Emily Fields, a San Francisco police officer, has been charged with evading payment and tampering with records after accumulating almost $700 in traffic citations. Assigned to the PD's warrant section, she allegedly gained access to the police computer and cleared a warrant issued against her for nonpayment of tickets, changing the record to indicate she had been arrested and taken into custody. (She had previously defaulted on payment and failed to appear in court, which resulted in the warrant appearing in the computer database.) [San Francisco Chronicle, 5Nov91]
I'm looking for information the legal status of documents authenticated by digital means, i.e., RSA, ElGamal, the recent proposal by NIST, etc. Do any countries have laws, regulations, or judicial precedents governing such matters? Are such records admissible as evidence in civil or criminal trials in these jurisdictions? Will the relevant government authorities, or non-government financial practices bodies (i.e., the FASB in the United States) accept digital signatures in contexts where a paper audit trail had been required? I'm thinking of things like employee time cards, payment vouchers, purchase orders, etc. Please reply by mail. I'll be happy to compile a summary for any interested parties (and for the list as a whole, if demand so indicates, and the quality of the information received permits). --Steve Bellovin firstname.lastname@example.org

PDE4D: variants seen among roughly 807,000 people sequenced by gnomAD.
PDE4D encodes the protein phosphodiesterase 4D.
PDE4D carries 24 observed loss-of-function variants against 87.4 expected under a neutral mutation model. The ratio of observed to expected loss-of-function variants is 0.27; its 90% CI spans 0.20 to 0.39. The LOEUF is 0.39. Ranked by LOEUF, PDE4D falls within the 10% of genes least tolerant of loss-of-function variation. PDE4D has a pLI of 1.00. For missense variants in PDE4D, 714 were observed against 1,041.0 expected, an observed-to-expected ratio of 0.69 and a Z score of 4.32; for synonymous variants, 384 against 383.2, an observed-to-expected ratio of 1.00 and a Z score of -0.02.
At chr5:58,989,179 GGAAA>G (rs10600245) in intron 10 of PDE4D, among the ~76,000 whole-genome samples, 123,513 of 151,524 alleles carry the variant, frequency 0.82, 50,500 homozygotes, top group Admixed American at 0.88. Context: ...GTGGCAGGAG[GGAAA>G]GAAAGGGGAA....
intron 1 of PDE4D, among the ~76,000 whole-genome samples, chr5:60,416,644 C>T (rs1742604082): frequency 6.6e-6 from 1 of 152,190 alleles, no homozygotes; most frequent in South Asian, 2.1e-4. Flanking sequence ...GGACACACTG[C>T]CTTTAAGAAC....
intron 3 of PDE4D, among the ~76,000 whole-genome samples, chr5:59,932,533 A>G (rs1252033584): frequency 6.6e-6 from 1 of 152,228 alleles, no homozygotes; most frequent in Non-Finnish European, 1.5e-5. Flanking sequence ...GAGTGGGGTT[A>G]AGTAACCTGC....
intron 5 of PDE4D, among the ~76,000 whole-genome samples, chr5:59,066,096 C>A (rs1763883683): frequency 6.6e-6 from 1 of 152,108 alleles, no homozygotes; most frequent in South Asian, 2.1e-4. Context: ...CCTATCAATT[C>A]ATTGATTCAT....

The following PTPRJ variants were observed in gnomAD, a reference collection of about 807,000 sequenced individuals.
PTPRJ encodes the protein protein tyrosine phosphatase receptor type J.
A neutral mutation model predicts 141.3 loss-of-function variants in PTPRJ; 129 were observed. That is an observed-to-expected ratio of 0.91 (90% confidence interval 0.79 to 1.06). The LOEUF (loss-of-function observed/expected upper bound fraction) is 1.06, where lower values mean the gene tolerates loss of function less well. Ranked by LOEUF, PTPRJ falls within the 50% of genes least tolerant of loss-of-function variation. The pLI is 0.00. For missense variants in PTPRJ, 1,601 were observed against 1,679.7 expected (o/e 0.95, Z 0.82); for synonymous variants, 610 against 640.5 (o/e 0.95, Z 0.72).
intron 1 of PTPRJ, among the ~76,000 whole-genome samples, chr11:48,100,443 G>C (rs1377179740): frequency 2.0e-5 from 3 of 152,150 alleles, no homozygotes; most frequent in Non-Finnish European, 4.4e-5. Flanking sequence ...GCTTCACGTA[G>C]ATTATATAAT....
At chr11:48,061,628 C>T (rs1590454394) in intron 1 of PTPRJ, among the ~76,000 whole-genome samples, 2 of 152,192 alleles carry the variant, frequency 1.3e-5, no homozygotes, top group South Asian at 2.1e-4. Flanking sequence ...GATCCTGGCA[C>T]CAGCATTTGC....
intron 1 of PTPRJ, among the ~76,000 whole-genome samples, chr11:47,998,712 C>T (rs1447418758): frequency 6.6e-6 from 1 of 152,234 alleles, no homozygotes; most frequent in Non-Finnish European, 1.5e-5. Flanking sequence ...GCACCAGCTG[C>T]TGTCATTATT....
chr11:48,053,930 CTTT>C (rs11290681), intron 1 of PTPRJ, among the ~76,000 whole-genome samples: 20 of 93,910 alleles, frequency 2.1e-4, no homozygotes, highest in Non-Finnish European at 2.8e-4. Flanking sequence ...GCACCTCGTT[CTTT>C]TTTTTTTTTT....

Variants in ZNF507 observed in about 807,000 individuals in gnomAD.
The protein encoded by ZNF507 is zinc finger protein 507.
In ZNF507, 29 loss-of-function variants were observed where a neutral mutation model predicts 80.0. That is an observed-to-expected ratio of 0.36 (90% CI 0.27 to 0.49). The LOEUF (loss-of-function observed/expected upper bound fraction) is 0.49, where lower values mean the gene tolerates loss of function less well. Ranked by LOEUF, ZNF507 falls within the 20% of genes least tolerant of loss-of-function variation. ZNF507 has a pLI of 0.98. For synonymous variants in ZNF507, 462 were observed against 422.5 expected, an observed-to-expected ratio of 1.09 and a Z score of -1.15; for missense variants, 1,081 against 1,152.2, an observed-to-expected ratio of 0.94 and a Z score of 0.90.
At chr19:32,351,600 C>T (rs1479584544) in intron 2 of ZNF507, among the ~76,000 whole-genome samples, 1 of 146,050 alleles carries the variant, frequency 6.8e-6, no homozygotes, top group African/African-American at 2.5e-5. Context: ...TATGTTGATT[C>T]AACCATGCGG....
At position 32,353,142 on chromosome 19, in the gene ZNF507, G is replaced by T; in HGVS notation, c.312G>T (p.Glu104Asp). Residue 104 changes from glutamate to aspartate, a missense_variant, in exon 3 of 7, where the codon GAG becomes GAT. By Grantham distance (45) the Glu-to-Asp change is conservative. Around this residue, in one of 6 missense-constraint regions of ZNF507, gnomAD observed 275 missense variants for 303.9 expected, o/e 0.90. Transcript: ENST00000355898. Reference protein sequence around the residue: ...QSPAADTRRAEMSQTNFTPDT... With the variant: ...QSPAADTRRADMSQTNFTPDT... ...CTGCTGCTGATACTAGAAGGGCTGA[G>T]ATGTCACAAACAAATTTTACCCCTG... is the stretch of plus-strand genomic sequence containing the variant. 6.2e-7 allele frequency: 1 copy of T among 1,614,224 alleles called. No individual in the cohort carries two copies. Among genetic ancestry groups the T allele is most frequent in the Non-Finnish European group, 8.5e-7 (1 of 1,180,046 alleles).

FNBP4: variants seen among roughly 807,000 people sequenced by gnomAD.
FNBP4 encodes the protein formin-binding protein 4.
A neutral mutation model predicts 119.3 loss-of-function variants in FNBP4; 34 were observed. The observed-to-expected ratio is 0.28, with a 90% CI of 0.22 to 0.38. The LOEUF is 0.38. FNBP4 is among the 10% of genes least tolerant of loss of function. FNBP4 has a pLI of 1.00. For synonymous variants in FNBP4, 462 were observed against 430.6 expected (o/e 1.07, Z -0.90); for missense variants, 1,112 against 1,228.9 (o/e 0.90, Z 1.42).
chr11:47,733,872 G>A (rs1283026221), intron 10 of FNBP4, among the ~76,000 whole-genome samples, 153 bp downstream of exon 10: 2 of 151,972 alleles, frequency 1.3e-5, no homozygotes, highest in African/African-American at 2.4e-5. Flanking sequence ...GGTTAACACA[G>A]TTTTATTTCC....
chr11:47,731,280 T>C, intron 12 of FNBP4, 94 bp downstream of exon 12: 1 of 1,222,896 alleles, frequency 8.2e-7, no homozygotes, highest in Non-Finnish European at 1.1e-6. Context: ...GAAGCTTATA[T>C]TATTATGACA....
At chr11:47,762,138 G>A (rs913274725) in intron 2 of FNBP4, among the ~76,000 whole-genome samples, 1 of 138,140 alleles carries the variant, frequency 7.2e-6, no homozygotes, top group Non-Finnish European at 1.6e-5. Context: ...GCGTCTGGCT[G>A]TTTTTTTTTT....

There are quite a number of reasons why various items now on the local telcos' agendas, especially those relating to the provision of information services or television programming, would ultimately be bad news for most consumers. Fundamentally, the problems relate to there being, in practice, an extremely uneven "playing field" involving local telcos vs. any outside competition. It can be expected that most enhanced services that telcos operate will be priced in such a way as to undercut competition, either in terms of pricing, or in terms of features that only the telco can provide, due specifically to the telco's unwillingness to provide equal access to their switches at "fair" prices. Meanwhile, the telcos have the ability to jack up the price on those services for which there is no effective competition and for which most consumers have nowhere else to go. Exactly this is happening right now in California, with the two main telcos, PacBell and GTE, requesting massive increases in basic local service rates, theoretically in exchange for lower rates for certain types of toll calls. Unfortunately, any consumer or small business who has a number of lines and doesn't make enough of the "correct" type of toll calls loses out big time. While there is supposed to be a division between telco enhanced services and basic services in terms of funding and cost factors, in practice the two are usually so intertwined that its essentially impossible to control. I mentioned the uneven playing field above. There's an obvious example of this right now. Look at the telco provided "voicemail" services in comparison to the similar services provided by outside firms. With outside firms, you have to call forward into the service, and if you're on a measured rate phone line (as most businesses are these days, usually by edict, and increasing numbers of residence subscribers as well) you have to pay for every call transferred to the voicemail vendor. When you want to check to see if you have messages, you have to make yet another call to check on the status of your voicemail box. Now look at the telco systems, which are tightly integrated with their switches. The voicemail system is directly trunked to the various central offices. No forwarding, no call charges for each call. If messages are waiting, you get a "stutter" dialtone when you pick up the phone. The outside vendors of voicemail services would very much like to get access to the switch on the same basis. But at this stage of the game, they can't. Eventually a complex set of FCC rules may supposedly allow for the access of outsiders to various network "elements" as individual units. However, it appears that the pricing of such elements will be quite predatory and in practice continue the telcos' pricing advantage as it relates to tightly coupled enhanced services. Other similar cases already exist. Various telco-sponsored information services for cellular phone users, accessible more easily (fewer digits) and more cheaply (even free!) than outside services, have already been announced. Now the telcos want to do video (Cable TV) too! They're waving the promise of fiber-to-the-home in front of Congress, and waxing poetic about all sorts of glamorous future information services (most of which, by the way, sound much the same as services available now from outside vendors). Little (if any!) mention of pricing ever comes up in these discussions (the high rates for current ISDN implementations may be instructive here). Nor is it mentioned that, inevitably, the telcos will keep coming back to the local basic service ratepayers to help bail them out from any failed projects. You can also be sure that most telco information services will be oriented toward dense urban areas and well-heeled business customers. The example of the French Minitel system comes up from time to time as a "successful" telco-related info service with many outside vendors. I don't believe that this example can be applied to the U.S. telecommunications market. The French government provided most of the Minitel terminals for "free", and even now, after all these years, the system requires large government subsidies to stay in operation. The government/private industry/telecommunications structure there is fundamentally different from what we see in the U.S. environment, with government control and government funding/subsidies playing much more central roles than would be tolerated in this country. This message can but give a taste of the issues involved; it's all a very complex matter. But boiled down to its essence, the problem is that in practice we cannot depend on the owners of the fundamental "pipelines" (the telcos) being able or willing to provide truly equal access, both in terms of pricing and features, to their competitors who need to use those same pipelines. This is especially critical since the telcos are in the enviable position of having that handy collection of basic ratepayers to fall back on, one way or another--theoretical provisions to prevent this notwithstanding. --Lauren--